One yarn, two projects

Isn’t it a beauty? It’s Tonia Barry’s Underhill wrap. I knit mine in the now-discontinued Classic Elite Legend, an 80% merino, 20% silk Aran weight. To me it feels like a worsted weight. The gauge for the project is 18 stitches and 29 rows in garter stitch to 4 inches.

Barry has designed extensively for Classic Elite. She, joined by Susan Mills and Kim Barnette, now release patterns under the umbrella of the Knitting Union. The trio was Classic Elite’s main design team and released more than 1200 patterns for the  company before it shuttered its doors.

“I felt a great disturbance in the Force, as if millions of voices suddenly cried out in terror and were suddenly silenced. I fear something terrible has happened.”―Obi-Wan Kenobi, sensing the destruction of Alderaa.

Classic Elite collapsing was a very big deal. But Knitting Union is now a pretty big deal too. They are hosting a knit-along on Ravelry that started June 15th and won’t end until September 15th if you want to join us. Pick any of their many patterns and just set to knitting and chatting.

Underhill was a fun, quick knit. That very lush spine of cable through the garter stitch background is the best! Here’s another look at Underhill. It’s been such a chilly spring that I’ve already been able to wear it.

And next check out Lalibela from Kino Knits. It’s a cute hat knit in the same Legend chartreuse colorway. It even somewhat echoes Underhill in its cable and garter stitch sections.

It’s apparently meant to be worn cables-forward, But with that little dip in the ribbing caused by the tug of the cables, I rather like letting the garter stitch sections frame the ears.

It even has a cool crown decrease:

Lalibela. I figured the hat’s name was yet another in a series of oddly named patterns. Live and learn. Lalibela is actually a town in the highlands of Ethiopia. It’s a heritage pilgrimage site, primarily for Ethiopian Orthodox Christians. Some of the churches date to the 12th century and many of them feature small arched stone windows that inspired the design of this hat.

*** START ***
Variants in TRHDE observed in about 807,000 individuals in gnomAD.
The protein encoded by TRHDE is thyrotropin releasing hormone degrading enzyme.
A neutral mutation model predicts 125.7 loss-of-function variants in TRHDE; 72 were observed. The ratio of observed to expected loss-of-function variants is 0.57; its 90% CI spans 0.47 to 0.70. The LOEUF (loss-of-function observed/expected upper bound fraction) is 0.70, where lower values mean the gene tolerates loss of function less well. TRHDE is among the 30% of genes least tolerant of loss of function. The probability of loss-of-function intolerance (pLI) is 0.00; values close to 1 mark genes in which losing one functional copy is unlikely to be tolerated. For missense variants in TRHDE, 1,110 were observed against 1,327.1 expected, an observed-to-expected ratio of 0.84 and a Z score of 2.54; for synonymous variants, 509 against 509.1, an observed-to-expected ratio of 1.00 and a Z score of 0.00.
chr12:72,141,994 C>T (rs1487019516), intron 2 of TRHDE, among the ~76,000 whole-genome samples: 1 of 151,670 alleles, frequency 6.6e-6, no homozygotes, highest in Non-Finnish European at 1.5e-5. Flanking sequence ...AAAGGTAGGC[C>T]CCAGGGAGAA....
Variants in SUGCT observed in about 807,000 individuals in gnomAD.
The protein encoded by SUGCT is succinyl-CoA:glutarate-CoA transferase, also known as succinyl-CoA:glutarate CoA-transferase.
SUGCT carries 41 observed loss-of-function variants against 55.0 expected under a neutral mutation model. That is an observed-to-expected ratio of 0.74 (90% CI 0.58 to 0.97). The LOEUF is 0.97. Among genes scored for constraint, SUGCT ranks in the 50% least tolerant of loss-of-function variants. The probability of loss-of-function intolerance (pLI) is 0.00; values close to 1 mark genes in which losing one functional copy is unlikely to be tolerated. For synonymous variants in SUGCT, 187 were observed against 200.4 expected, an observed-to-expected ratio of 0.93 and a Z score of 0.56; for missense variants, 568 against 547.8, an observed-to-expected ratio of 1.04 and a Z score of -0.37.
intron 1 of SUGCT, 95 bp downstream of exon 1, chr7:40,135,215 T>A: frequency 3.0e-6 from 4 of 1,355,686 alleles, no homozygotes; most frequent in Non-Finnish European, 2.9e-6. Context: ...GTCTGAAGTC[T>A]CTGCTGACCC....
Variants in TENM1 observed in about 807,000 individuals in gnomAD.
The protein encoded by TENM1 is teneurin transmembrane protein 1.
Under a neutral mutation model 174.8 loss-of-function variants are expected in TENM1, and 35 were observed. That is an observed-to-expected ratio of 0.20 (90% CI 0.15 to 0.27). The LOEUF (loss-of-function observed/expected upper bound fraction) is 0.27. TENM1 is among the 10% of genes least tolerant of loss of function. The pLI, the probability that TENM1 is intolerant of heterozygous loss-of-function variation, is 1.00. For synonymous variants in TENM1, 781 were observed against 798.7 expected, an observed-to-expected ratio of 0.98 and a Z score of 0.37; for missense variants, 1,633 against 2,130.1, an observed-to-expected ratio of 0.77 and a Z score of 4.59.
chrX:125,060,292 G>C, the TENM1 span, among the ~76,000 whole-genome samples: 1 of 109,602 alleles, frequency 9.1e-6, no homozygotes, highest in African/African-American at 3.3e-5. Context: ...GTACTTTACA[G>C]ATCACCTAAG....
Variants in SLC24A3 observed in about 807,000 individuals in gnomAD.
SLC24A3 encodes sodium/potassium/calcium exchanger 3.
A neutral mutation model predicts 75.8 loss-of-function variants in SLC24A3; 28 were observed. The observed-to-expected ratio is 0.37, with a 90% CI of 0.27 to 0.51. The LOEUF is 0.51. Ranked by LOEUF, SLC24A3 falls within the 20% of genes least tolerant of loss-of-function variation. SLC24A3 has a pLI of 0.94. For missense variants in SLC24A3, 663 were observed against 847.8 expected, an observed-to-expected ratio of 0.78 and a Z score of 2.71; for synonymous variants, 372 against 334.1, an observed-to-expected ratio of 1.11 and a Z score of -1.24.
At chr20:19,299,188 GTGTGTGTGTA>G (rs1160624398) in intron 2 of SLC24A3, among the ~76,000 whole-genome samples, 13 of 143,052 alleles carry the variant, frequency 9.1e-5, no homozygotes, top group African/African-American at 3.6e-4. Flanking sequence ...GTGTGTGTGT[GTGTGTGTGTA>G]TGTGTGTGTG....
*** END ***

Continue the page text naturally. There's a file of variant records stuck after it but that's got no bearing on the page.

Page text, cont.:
So, from the sublime to the mundane. Dishcloths. “Yes, she still knits them but worsted weight cotton kills her hands now.” Both of these next cloths are knit in Knitpicks Dishie, a kitchen cotton that’s a tag less rustic and less hard on the hands than Sugar ‘n Creme, the dishcloth workhorse. This one is Louise Sarrzin’s Sunflower Basket Dishcloth.

Ok. So you don’t like to knit dishcloths and you think they are a waste of yarn and a bacteria haven. (Hint, zap the dishcloth in the microwave while it’s wet to kill any beasties.) But admit it. This basket of sunflowers will put a smile on your face and help you whistle while you work.

This next Dishie cloth, also knit in the Creme Brulee colorway, is Aimee Alexander’s Himalayan Salt.

It’s a very fast knit. And your dishcloth gets to pretend it’s sophisticated because of the simple lace pattern.

Bankhead is Susie Gourlay’s free hat pattern that’s been knit and posted on 6773 (and still counting) Ravelry project pages. You don’t get those kind of numbers without being one good hat. You can knit and wear it slouchy.

Or you can go more traditional and just cuff it.

The top is ruly. That’s not a word but it should be. Think of it as the opposite of unruly.

I knit Bankhead in leftover Paton’s Decor. It was leftover from a scarf I wanted to knit: Classic Elite’s Lavish Rib Cable Scarf.  I needed about 400 yards, 405.2 to be exact, of worsted weight and I was just off my yarn diet and didn’t want to splurge yet. The local yarn shop I went to was very low on stock, waiting for news of how much the new landlord would be raising rent. I liked the shade of navy (“rich country blue”) and figured Decor would work fine. It 25% wool, 75% acrylic and will be easy care.